Memory (program) usage: "byte var[73]" vs "char var[73]"

Hi, I’m pretty new and just started coding on my own for ‘fun’.

For a project I’m working on, I need a string of Passwords. Those passwords can be changed, so are stored in the EEPROM. To reset all passwords I’ve created a function with the “factory new” passwords hard coded in. There are also other ‘numeric’ values that need to be able to be restored in EEPROM in a similar fashion.

Now I’m running out of flash memory (?) -program memory- and I’m trying to optimize about everything I can.
So I changed my password characters from a “char var[ x ]” type to a “byte var[ x ]” type and was pretty surprised to see that the latter uses way more program memory.

I just can’t figure out why. It was my understanding that a char occupies the same amount of memory as a byte.

So can anyone tell me why this happens? Understanding why is more useful than just knowing it works like that.
Also, any useful tips to reduce memory usage? I changed all my digital.read/write and PinModes with direct port manipulation, use F() macro’s, got my variables right (use byte whenever possible)… Next useful thing is for me to ditch the servo library (700 bytes) since I only use the servo once in the code and maybe ditch my keypad library as well.

This example uses 1648 bytes:

#include <EEPROM.h>
#include <Wire.h>




void setup() {}

void loop() {

char PassWord[73]= "270C2516#A8A1068*DA##733173900DBCBAA9501033550530641838931873391CD*#0923";

for (byte x = 0; x < 72; x++) { EEPROM.update(x ,PassWord[x] );}
}

And this one uses 1788 bytes:

#include <EEPROM.h>
#include <Wire.h>




void setup() {}

void loop() {
byte PassWord[73] = {50 , 55 , 48 , 67 , 50 , 53 , 49 , 54 , 35 , 65 , 56 , 65 , 49 , 48 , 54 , 56 , 42 , 68 , 65 , 35 , 35 , 55 , 51 , 51 , 49 , 55 , 51 , 57 , 48 , 48 , 68 , 66 , 67 , 66 , 65 , 65 , 57 , 53 , 48 , 49 , 48 , 51 , 51 , 53 , 53 , 48 , 53 , 51 , 48 , 54 , 52 , 49 , 56 , 51 , 56 , 57 , 51 , 49 , 56 , 55 , 51 , 51 , 57 , 49 , 67 , 68 , 42 , 35 , 48 , 57 , 50 , 51  };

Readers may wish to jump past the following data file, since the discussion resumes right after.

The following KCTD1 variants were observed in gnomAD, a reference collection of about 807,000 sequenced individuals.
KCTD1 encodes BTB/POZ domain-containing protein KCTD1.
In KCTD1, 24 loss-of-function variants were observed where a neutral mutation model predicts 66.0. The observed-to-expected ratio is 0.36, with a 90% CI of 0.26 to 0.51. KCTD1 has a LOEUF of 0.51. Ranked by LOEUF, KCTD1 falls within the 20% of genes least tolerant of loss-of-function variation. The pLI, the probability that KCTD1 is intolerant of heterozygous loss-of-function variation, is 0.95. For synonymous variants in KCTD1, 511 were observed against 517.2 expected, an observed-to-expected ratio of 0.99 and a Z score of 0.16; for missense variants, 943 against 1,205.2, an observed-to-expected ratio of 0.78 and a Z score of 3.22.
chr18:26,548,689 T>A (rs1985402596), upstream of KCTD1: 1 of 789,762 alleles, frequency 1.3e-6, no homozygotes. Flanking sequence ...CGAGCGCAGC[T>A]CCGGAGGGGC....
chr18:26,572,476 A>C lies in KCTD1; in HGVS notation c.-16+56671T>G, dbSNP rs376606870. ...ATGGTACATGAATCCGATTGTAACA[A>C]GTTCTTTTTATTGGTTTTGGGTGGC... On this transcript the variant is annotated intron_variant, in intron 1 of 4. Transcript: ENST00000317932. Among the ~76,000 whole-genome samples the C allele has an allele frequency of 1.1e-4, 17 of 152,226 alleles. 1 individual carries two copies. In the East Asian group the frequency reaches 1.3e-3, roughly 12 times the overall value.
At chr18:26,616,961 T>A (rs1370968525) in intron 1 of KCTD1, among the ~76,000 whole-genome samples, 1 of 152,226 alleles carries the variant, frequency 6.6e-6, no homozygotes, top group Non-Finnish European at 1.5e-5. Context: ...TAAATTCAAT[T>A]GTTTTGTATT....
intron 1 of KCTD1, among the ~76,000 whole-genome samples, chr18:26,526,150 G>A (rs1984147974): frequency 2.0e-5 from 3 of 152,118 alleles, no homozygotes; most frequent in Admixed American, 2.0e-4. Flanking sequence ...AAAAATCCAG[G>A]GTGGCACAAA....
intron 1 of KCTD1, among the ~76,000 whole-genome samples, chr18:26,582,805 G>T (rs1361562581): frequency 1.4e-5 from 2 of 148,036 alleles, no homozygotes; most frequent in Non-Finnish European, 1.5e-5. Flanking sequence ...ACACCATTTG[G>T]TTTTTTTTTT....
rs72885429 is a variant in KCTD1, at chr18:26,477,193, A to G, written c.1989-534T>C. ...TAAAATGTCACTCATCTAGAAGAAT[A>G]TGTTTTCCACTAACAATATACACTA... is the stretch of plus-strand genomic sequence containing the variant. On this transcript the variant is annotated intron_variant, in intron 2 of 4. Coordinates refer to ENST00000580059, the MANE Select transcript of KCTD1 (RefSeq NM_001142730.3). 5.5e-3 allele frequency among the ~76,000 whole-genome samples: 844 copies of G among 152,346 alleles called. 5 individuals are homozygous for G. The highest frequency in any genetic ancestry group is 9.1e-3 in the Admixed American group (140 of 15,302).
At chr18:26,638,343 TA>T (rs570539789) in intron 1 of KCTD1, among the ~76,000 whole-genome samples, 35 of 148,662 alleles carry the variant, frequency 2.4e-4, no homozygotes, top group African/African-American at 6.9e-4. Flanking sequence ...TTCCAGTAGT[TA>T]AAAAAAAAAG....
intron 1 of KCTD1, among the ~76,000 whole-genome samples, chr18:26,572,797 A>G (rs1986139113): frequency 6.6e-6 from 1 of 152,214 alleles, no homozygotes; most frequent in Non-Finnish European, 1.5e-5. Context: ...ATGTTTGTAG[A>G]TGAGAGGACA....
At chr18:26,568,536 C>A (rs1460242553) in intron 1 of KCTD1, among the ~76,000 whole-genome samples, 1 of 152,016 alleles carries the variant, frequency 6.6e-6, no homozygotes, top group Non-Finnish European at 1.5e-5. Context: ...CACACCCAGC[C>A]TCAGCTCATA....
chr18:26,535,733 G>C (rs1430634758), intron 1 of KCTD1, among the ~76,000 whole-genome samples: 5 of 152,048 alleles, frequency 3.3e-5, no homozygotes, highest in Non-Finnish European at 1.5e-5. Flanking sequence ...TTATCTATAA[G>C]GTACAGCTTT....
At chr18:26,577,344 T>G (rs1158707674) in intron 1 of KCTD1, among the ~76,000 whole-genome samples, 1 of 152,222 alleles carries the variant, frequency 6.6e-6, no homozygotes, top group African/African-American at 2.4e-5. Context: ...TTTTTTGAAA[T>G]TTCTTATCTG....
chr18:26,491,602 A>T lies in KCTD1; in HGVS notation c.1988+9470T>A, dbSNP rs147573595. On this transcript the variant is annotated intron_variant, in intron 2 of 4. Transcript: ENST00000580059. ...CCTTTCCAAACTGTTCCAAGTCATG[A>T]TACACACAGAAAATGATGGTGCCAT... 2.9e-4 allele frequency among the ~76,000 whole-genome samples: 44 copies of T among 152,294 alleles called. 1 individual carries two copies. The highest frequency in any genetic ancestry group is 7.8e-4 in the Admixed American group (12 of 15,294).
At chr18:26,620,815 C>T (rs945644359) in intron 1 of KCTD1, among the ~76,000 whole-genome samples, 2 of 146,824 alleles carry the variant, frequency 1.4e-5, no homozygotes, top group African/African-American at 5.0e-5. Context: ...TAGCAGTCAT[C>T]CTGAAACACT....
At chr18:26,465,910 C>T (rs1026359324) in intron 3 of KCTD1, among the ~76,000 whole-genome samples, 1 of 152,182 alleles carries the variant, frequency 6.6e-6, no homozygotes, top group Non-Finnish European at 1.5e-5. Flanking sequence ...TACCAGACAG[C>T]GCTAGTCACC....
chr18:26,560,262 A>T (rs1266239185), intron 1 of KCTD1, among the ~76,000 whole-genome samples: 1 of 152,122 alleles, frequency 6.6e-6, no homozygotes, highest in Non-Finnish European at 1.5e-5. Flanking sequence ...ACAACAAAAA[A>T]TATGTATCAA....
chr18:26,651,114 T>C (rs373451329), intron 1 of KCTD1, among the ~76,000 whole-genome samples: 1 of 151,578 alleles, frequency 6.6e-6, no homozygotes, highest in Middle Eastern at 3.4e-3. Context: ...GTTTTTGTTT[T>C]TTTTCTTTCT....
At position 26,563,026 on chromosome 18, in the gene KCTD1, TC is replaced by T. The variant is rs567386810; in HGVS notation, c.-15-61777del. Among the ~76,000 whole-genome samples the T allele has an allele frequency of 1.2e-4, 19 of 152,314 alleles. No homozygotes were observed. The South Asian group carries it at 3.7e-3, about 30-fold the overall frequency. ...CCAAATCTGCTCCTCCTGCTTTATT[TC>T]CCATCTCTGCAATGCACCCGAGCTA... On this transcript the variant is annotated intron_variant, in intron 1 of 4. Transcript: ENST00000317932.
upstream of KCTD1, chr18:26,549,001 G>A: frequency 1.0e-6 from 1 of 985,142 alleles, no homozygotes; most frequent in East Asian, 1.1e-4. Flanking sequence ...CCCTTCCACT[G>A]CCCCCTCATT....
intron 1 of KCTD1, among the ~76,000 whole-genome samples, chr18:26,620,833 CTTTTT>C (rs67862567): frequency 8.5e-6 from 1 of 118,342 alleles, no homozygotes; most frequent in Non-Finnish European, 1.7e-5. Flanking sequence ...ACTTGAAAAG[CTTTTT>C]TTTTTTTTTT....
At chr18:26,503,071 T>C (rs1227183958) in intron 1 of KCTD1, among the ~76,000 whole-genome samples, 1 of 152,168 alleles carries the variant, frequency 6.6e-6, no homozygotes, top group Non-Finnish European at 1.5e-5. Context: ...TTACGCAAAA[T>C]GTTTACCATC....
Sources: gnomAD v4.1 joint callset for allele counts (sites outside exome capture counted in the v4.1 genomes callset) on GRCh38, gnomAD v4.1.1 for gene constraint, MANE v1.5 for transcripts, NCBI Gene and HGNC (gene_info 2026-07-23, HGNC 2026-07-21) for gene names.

for (byte x = 0; x < 72; x++) {EEPROM.update(x ,PassWord[x] );}
}

I think I found the culprit. It seems to be that the data itself is of equal length, just that the EEPROM command uses it differently. This behavior also happens with Serial.print commands.
But when you just load the data and only manipulate it (no output to Serial or EEPROM, there is no difference in size:

void setup() {
  // put your setup code here, to run once:
}

void loop() {
//byte PassWord[73] = {50 , 55 , 48 , 67 , 50 , 53 , 49 , 54 , 35 , 65 , 56 , 65 , 49 , 48 , 54 , 56 , 42 , 68 , 65 , 35 , 35 , 55 , 51 , 51 , 49 , 55 , 51 , 57 , 48 , 48 , 68 , 66 , 67 , 66 , 65 , 65 , 57 , 53 , 48 , 49 , 48 , 51 , 51 , 53 , 53 , 48 , 53 , 51 , 48 , 54 , 52 , 49 , 56 , 51 , 56 , 57 , 51 , 49 , 56 , 55 , 51 , 51 , 57 , 49 , 67 , 68 , 42 , 35 , 48 , 57 , 50 , 51  };
char PassWord[73]    = "270C2516#A8A1068*DA##733173900DBCBAA9501033550530641838931873391CD*#0923";
  
for (byte x = 0; x < 72; x++) {
   PassWord[x]=PassWord[x]+1;
  }
}

For data that doesn’t change you are generally better off using FLASH memory (PROGMEM):

#include <EEPROM.h>
// #include <Wire.h>


const char PassWord[73] PROGMEM =
  "270C2516#A8A1068*DA#"
  "#733173900DBCBAA9501"
  "03355053064183893187"
  "3391CD*#0923";


//const byte PassWord[73] PROGMEM =
//{
//  50 , 55 , 48 , 67 , 50 , 53 , 49 , 54 , 35 , 65 ,
//  56 , 65 , 49 , 48 , 54 , 56 , 42 , 68 , 65 , 35 ,
//  35 , 55 , 51 , 51 , 49 , 55 , 51 , 57 , 48 , 48 ,
//  68 , 66 , 67 , 66 , 65 , 65 , 57 , 53 , 48 , 49 ,
//  48 , 51 , 51 , 53 , 53 , 48 , 53 , 51 , 48 , 54 ,
//  52 , 49 , 56 , 51 , 56 , 57 , 51 , 49 , 56 , 55 ,
//  51 , 51 , 57 , 49 , 67 , 68 , 42 , 35 , 48 , 57 ,
//  50 , 51
//};


void setup() {}


void loop()
{
  for (byte x = 0; x < 72; x++)
  {
    EEPROM.update(x , pgm_read_byte(&PassWord[x]) );
  }
}

This version uses 606 bytes of FLASH/PROGMEM and 9 bytes of RAM, regardless of which way the data is initialized.